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Bishkek used to be a sleepy city, laid out on a utopian socialist grid, built on five-year plans with just a hint of the Orient, which hides a peasant village of dirt tracks, corrugated iron roofs and unemployment, a slum for thousands. Night belonged to the profiteering policemen, an orchestra of howling guard dogs and malevolent drunks. But daylight showed you who was in charge. Intellectuals were too frightened to meet in public. Journalists showed you the bruises where they had been roughed up by Bakiyev's security thugs. His family drove sleek black SUVs while the rest made do with clapped-out Soviet-era vehicles with serious suspension problems. When Bakiyev seized power in the "Tulip Revolution" after weeks of street protests in 2005, Kyrgyzstan was supposed to be the democratic success story of Central Asia. There were hopes for an island of democracy in the hinterland of the ex-USSR, but by 2009 the opposition leader Bakyt Beshimov had made his mind up: "The island of democracy has sunk to the bottom of the sea." 

Bakiyev ruled from an imposing socialist-era edifice known as the White House. Flowerbeds of pansies were planted out front, then ringed by ornate gold-leafed grilles and protected by an elite detachment of armed police. This was a dictator that liked nothing better than to place billboard posters of his face along the highways, at crossroads and roundabouts, places where you couldn't avoid him. 

The most recent hoarding was a group photo of Central Asian dictators, hands placed one on top of the other, a grinning band of despotic brothers. Bakiyev wanted to be one of them. He craved the totalitarianism of Uzbekistan, the authoritarian efficiency of Kazakhstan or the sealed system of Turkmenistan. Step by step, he forgot his Tulip Revolution. 

The security services were handed over to his brother, economic life was placed in the hands of his son as the clan portioned off the wealth of the nation. Demonstrations were increasingly banned, or exiled to a derelict spot in the suburbs of Bishkek. Ministers were murdered, journalists and human rights activists began to disappear. Metal signposts announcing Bakiyev's goals were placed on the potholed north-south artery across Kyrgyzstan.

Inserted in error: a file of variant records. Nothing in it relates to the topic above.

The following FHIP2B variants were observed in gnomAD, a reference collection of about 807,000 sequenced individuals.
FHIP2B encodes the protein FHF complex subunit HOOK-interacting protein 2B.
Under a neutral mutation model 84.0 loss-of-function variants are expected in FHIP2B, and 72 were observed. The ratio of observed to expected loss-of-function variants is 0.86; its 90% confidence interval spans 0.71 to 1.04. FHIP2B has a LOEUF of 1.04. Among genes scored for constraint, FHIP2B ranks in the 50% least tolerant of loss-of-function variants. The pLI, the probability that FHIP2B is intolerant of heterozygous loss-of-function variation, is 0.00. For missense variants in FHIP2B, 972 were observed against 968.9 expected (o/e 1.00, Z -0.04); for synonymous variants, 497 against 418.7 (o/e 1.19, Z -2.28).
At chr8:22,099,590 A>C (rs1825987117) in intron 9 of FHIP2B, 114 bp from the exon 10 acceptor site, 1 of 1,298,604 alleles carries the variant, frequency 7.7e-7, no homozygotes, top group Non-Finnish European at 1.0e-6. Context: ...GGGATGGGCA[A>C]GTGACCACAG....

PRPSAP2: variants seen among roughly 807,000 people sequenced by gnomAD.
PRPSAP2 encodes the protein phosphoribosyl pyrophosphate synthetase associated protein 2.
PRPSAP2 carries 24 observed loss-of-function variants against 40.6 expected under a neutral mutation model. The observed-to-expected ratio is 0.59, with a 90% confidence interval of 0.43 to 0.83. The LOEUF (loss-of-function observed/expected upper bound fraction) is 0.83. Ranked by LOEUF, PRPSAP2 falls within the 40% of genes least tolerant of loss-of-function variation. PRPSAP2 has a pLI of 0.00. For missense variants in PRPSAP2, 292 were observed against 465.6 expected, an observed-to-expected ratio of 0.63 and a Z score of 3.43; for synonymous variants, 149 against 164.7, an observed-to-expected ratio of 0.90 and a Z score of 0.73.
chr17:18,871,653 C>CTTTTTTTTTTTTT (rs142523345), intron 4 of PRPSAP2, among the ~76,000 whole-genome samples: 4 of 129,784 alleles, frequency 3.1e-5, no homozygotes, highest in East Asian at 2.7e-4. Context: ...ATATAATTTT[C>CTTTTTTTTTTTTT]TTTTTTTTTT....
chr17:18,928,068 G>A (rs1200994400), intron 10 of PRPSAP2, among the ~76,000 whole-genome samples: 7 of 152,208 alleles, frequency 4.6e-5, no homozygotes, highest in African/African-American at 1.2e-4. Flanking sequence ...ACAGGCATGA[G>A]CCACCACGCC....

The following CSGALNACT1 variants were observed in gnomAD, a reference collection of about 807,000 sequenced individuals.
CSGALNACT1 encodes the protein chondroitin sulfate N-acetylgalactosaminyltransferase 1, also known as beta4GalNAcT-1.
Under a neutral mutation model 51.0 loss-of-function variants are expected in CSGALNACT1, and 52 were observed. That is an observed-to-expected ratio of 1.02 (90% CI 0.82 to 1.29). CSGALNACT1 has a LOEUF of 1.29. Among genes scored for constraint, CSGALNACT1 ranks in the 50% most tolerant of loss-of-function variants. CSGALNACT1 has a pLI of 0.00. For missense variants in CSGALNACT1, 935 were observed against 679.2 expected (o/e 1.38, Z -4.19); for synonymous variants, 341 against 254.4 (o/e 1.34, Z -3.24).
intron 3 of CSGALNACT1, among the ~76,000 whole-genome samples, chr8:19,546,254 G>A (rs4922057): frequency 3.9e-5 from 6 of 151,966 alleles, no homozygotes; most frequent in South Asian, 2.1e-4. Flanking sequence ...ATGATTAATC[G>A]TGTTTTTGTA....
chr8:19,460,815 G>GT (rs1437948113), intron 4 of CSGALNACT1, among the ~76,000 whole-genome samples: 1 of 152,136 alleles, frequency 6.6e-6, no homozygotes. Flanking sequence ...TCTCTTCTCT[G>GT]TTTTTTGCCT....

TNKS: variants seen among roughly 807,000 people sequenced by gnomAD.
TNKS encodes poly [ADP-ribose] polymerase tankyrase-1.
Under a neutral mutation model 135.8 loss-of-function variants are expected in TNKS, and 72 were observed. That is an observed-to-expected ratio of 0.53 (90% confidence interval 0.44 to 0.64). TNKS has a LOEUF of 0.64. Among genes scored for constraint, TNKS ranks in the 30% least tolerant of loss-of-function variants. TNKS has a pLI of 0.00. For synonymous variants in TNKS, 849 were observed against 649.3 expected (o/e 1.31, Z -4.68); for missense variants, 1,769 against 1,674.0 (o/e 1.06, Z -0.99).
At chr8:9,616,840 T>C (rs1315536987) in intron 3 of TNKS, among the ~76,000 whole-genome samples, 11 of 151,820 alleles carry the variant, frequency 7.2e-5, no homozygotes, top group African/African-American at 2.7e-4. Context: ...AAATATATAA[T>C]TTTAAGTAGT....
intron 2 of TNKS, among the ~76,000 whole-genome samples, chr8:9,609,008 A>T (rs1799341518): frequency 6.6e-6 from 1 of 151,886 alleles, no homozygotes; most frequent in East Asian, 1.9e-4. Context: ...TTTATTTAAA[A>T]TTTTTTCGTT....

"Today is the national year of Agriculture." "Serving in the Army is serving the Motherland." 

He got the red-carpet treatment when he landed in Moscow or Washington. But his ex-Soviet backwater had no black gold. Bakiyev failed to realise that without oil, the one overwhelming financial trump-card in the pockets of his fellow Soviet bureaucrats-cum-dictators throughout Central Asia, he could never crudely consolidate power into the bank accounts and portfolios of his family. 

His delusions began to build a coalition against him. Systemically his corruption and oppressive edicts alienated each segment of society. Then this year the regime took a decisively sinister turn. Allegedly with the help of Chinese "aid", it began to block portions of the internet and censor reports of the mass protests in the Russian enclave of Kaliningrad that frightened Putin's regime. That news reverberated across the Russian-speaking world. There were whispers in the universities, and opposition factions across Stalin's splintered empire took heart. If you could challenge Putin and get away with it, you might be able to topple a tinpot imitation. 

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